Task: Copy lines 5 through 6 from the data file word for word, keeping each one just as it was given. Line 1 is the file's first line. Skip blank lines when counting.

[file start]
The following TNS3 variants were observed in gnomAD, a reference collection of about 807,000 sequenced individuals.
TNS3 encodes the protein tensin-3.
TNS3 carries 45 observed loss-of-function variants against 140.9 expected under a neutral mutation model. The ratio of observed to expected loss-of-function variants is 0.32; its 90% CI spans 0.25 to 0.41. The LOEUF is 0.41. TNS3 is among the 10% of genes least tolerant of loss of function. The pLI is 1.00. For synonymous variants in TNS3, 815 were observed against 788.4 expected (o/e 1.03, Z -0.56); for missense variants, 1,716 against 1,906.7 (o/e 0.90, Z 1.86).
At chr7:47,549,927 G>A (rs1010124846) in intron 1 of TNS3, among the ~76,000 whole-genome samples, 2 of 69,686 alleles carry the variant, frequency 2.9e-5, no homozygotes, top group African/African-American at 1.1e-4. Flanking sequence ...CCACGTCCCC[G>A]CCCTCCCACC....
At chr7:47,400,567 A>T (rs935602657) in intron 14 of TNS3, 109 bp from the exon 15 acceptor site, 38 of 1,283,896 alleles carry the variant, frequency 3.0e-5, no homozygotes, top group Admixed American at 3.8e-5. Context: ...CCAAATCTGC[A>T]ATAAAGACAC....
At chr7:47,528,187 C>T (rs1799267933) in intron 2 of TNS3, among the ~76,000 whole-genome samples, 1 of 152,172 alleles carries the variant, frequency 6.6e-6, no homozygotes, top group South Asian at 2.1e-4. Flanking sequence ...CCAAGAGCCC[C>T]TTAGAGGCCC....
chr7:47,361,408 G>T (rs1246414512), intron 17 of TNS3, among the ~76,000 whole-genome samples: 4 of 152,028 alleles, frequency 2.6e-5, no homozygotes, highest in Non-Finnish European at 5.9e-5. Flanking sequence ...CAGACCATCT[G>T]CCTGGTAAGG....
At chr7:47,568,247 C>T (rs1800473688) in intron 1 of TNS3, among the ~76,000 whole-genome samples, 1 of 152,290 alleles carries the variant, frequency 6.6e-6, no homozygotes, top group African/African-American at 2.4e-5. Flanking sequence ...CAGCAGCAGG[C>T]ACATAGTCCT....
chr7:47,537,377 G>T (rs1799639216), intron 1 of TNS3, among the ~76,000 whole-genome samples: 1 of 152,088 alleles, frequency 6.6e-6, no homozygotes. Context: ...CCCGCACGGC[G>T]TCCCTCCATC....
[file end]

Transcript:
At chr7:47,400,567 A>T (rs935602657) in intron 14 of TNS3, 109 bp from the exon 15 acceptor site, 38 of 1,283,896 alleles carry the variant, frequency 3.0e-5, no homozygotes, top group Admixed American at 3.8e-5. Context: ...CCAAATCTGC[A>T]ATAAAGACAC....
At chr7:47,528,187 C>T (rs1799267933) in intron 2 of TNS3, among the ~76,000 whole-genome samples, 1 of 152,172 alleles carries the variant, frequency 6.6e-6, no homozygotes, top group South Asian at 2.1e-4. Flanking sequence ...CCAAGAGCCC[C>T]TTAGAGGCCC....